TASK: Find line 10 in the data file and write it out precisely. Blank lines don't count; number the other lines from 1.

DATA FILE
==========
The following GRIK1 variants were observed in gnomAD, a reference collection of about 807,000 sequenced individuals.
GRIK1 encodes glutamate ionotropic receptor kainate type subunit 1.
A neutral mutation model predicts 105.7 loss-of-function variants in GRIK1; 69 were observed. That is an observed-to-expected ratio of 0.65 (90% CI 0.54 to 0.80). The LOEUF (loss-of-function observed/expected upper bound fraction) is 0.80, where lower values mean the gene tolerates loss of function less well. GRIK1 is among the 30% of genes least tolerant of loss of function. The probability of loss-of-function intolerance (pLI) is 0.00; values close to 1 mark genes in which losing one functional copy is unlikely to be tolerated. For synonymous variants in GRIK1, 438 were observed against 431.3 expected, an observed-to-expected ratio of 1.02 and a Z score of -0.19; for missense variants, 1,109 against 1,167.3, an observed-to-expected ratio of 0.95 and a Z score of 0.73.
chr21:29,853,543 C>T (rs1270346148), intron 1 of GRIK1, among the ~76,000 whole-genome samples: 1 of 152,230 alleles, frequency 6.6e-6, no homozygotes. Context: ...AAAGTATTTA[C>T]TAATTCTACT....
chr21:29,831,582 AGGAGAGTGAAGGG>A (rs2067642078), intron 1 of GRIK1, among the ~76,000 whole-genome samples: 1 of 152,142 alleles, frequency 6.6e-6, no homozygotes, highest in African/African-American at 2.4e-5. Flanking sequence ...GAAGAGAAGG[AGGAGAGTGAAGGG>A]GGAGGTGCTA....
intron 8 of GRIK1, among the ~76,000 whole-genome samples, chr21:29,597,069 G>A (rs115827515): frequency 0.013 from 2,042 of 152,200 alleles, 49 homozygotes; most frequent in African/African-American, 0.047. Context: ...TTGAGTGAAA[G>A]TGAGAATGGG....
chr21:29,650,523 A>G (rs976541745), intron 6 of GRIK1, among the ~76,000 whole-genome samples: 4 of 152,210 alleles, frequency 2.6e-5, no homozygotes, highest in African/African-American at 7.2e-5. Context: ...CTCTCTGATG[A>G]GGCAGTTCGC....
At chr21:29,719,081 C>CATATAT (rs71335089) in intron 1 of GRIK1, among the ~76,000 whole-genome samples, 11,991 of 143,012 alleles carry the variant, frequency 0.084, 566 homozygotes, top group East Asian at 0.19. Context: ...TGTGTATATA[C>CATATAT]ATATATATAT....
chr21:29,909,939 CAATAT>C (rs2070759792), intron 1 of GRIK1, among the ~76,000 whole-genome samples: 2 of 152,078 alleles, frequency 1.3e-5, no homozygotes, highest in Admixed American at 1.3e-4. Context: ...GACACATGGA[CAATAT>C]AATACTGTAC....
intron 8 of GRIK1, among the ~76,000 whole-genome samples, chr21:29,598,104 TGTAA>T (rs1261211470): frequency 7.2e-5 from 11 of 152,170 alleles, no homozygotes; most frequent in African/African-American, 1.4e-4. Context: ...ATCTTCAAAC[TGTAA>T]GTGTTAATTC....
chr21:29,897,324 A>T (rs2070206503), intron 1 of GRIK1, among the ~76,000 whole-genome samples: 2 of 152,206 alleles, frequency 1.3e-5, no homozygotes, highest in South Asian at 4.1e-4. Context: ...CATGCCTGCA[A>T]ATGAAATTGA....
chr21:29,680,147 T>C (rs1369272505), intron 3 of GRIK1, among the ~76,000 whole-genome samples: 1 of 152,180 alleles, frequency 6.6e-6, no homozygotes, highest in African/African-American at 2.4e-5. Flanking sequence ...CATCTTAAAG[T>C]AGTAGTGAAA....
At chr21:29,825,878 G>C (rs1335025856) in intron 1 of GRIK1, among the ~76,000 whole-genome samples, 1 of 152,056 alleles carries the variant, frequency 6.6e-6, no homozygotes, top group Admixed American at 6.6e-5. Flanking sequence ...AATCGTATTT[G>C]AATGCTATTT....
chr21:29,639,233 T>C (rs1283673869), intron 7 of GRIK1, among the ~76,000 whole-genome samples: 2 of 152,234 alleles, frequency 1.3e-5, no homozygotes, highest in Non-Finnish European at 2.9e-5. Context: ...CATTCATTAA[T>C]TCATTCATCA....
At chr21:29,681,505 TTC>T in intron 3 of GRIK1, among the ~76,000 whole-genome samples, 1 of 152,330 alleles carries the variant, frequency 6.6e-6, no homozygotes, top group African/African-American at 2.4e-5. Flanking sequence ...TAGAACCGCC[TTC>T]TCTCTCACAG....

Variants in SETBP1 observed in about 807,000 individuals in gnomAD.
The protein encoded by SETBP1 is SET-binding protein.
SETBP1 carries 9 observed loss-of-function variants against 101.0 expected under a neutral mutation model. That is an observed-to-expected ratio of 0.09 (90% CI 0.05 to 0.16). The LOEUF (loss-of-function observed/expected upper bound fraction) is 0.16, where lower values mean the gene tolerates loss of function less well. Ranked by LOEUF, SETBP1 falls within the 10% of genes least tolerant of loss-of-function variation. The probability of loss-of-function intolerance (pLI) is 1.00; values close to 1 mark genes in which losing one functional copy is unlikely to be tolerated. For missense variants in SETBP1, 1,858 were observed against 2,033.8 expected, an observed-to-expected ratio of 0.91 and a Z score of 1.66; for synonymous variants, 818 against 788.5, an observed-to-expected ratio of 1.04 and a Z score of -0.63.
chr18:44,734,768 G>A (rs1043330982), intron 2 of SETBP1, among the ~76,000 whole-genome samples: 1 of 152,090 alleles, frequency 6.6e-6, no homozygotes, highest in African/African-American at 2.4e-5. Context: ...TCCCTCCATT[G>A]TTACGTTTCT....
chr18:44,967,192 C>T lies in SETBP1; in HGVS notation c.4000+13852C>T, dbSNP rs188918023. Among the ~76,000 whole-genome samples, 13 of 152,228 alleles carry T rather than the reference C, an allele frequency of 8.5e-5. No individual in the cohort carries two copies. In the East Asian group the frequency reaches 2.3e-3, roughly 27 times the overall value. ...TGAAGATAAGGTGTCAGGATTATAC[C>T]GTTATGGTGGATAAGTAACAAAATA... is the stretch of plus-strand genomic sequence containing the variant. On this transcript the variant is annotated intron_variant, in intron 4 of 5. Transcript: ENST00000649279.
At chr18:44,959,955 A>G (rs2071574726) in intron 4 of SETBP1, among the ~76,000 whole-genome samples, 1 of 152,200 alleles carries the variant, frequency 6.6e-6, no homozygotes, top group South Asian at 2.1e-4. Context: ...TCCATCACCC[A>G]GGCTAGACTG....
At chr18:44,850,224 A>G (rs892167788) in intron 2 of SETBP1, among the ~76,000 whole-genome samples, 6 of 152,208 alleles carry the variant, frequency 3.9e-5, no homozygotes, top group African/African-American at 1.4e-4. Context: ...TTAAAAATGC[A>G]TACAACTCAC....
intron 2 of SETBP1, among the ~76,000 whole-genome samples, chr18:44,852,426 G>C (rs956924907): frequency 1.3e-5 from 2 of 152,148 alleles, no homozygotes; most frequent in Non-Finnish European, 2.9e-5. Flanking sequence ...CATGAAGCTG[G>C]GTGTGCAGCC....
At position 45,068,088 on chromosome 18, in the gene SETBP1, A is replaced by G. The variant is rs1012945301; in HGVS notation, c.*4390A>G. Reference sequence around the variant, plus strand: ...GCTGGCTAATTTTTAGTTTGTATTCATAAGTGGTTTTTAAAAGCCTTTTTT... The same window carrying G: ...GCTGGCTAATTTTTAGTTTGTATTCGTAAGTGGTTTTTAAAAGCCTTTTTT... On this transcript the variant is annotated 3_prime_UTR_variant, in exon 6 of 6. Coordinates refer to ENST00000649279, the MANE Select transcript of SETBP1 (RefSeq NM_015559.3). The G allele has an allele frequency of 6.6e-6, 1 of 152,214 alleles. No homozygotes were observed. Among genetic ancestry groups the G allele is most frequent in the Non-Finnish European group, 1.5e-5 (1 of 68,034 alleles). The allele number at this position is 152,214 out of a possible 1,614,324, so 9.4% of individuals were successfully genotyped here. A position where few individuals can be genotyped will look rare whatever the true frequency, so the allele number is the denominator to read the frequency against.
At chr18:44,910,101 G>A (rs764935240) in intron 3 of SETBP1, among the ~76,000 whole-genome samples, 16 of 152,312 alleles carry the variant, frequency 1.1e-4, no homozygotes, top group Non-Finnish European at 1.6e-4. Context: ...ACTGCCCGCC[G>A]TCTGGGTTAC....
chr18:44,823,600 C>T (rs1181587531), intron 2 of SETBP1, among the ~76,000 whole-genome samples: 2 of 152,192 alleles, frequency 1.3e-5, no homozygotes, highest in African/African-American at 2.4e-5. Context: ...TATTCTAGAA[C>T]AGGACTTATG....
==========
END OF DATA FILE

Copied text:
intron 8 of GRIK1, among the ~76,000 whole-genome samples, chr21:29,598,104 TGTAA>T (rs1261211470): frequency 7.2e-5 from 11 of 152,170 alleles, no homozygotes; most frequent in African/African-American, 1.4e-4. Context: ...ATCTTCAAAC[TGTAA>T]GTGTTAATTC....